What I describe here is how I used to use the Unica NetTracker “On Demand” Web Server Log Analysis Service  (Unica is now part of IBM) to monitor key Web site traffic statistics on a monthly basis, as well as several other page-specific parameters I monitor using this service.  (We switched to Google Analytics on this site in mid-2009.)

You can get a comprehensive, linked list of commercially available Web server log analysis software packages on the following Open Directory (dmoz.org) page:

Computers: Software: Internet: Site Management: Log Analysis: Commercial

I oversee the marketing activity on a fairly large commercial Web site. For a fee, the Web hosting company for this site used to provide Web server log analysis using NetTracker. Here’s a list of the statistics I kept track of on a month-to-month basis:

Monthly Statistics:

Number of pages viewed:

Number of estimated visits:

Number of unique visitors:

Weekly, Daily Statistics (Monthly Averages):

Number of pages viewed per day:

Number of pages viewed per visit:

Length of visit (minutes):

Number of visits per day:

Number of visits per week:

Ave. # unique visitors per day:

Ave. # new visitors per day:

Ave. # repeat visitors per day:

Ave. visitor repeat rate:

All of these statistics are generated by the NetTracker “On Demand” Service as it analyzes the Web site server logs (“Web logs”) for this site.

Quite simply, what I am looking for in these set of statistics on a month to month basis is growth – growth in number of pages viewed, growth in total number of visitors, growth in number of unique visitors, growth in number of new visitors, growth in average amount of time spent on the site, etc. (Note: much of this measuring is made possible by placing “tags” or “cookies” on your Web site visitors’ computers when they first visit the site, so these stats are vulnerable to mistakes if visitors regularly delete these cookies on their computers. Because deletion of cookies is not a common procedure for most computer owners at this point, the month-to-month stat comparisons I use are valid for the type of growth patterns I’m looking for.)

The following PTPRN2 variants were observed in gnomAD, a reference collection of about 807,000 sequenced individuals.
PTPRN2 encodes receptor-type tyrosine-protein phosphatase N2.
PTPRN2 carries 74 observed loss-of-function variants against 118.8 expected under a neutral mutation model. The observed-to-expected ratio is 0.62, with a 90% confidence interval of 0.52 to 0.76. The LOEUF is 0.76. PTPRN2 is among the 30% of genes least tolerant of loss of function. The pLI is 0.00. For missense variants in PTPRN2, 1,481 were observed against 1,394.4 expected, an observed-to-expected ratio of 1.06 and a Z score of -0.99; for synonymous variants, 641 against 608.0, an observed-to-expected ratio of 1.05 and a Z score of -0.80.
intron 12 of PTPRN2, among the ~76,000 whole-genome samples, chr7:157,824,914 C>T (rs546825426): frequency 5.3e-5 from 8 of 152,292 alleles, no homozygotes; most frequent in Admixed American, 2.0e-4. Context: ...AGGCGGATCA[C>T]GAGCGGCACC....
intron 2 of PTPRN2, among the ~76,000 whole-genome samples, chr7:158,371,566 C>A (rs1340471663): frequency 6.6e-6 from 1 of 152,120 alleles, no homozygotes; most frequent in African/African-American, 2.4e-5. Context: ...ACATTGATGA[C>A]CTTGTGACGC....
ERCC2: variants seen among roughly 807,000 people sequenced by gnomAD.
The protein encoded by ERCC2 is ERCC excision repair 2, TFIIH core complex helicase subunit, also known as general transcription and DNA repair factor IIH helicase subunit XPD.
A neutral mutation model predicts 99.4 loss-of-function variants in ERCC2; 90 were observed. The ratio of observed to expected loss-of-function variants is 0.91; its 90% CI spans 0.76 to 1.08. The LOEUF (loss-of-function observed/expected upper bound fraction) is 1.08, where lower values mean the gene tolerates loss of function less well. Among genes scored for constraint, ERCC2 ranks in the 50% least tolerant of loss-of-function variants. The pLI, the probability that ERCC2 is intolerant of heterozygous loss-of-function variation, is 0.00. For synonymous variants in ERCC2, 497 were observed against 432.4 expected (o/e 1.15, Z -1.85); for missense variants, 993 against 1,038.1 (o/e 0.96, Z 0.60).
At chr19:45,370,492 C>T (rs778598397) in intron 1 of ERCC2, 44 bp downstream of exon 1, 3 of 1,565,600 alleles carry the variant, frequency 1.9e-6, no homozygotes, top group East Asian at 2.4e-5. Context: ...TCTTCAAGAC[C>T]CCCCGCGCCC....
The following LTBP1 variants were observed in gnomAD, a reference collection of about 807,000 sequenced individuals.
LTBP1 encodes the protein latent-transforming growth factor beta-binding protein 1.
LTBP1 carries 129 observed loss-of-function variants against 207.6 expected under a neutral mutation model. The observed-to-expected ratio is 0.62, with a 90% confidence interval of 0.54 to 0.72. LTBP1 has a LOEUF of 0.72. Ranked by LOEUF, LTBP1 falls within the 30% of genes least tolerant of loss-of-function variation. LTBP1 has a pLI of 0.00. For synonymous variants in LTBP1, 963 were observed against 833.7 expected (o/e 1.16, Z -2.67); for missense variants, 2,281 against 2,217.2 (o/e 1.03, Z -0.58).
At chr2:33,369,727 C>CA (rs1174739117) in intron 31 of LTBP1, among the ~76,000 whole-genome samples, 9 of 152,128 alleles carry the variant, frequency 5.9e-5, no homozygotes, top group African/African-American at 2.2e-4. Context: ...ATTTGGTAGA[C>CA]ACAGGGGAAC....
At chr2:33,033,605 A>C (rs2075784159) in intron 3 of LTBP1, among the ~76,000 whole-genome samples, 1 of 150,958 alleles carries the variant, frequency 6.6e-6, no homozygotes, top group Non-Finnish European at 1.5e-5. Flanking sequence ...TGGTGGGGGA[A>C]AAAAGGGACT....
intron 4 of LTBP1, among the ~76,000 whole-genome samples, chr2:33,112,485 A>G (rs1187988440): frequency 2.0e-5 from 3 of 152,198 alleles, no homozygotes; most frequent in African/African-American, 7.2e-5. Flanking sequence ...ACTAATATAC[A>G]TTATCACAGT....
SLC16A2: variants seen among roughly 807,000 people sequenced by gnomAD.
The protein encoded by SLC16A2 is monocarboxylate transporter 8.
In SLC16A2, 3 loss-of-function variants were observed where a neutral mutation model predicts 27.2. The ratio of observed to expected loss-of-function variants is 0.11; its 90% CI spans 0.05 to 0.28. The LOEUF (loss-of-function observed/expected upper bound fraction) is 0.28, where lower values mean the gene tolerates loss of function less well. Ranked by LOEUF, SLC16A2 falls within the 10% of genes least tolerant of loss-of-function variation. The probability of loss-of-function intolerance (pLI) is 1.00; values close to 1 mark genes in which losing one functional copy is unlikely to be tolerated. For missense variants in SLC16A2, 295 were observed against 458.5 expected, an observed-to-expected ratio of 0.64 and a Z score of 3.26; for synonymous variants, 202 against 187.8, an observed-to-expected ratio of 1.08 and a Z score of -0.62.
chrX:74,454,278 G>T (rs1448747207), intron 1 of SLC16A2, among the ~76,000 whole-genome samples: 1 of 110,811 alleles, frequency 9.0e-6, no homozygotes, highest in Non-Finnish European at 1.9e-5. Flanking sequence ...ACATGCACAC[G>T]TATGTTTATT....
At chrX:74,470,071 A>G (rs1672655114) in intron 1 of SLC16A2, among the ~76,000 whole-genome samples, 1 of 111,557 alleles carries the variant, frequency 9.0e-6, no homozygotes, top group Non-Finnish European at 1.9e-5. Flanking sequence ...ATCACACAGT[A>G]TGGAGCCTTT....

Another important use of this Web server log analysis software/service is the ability to observe Web site traffic on a page-by page basis. Let me give you a recent example.

On this particular Web site that we used to monitor with NetTracker, the most important visitor activity we encourage is requesting more detailed information on the highlighted products. If visitors want to perform this activity while on the site, as you would expect most Web visitors would want to do, there is a specific Web page-based form they are asked to complete. Upon completion, they click on the “Submit” button, the form is sent in email form to our email server, and a “Thank You” page is displayed to the visitor so that s/he knows that the form was successfully submitted.

Of course, we are never satisfied with the total number of Web site visitors who complete this process, so we used NetTracker analysis results to look at the number of visits to the “Request More Info” Web page and compared that to the number of “visits” to the “Thank You for Requesting More Info” page. What we saw was the typical “shopping cart abandonment” pattern you have probably read about with online e-commerce sites. In other words, the Web site content was compelling enough to get a fair number of visitors to go the “Request More Info” form, but based on the number of “Thank You” page displays, we could see that many visitors “abandoned” the “Request More Info” exercise before completing it.

Based on this analysis, we guessed that one of the main causes of this visitor pattern was that too much of the info on the Info Request Form was required to be filled in before the form was considered completed and the submission process could work. We reduced by over half the required info on the form – the requested form info remained the same, but only certain info was required to be filled in. Since making that change, the number of completed forms submitted has gone up significantly.

Another important use of this software/service is helping you understand where your visitors are coming from and how they got to your site. In particular, you can not only see which search engines are sending you the most traffic, but you can also see what search phrases were used by those visitors to find your site.

Finally, because this NetTracker “On Demand” Web server log analysis service was “hosted” by the same company that hosts the Web site, I could access NetTracker statistics from any computer that has Internet/Web access.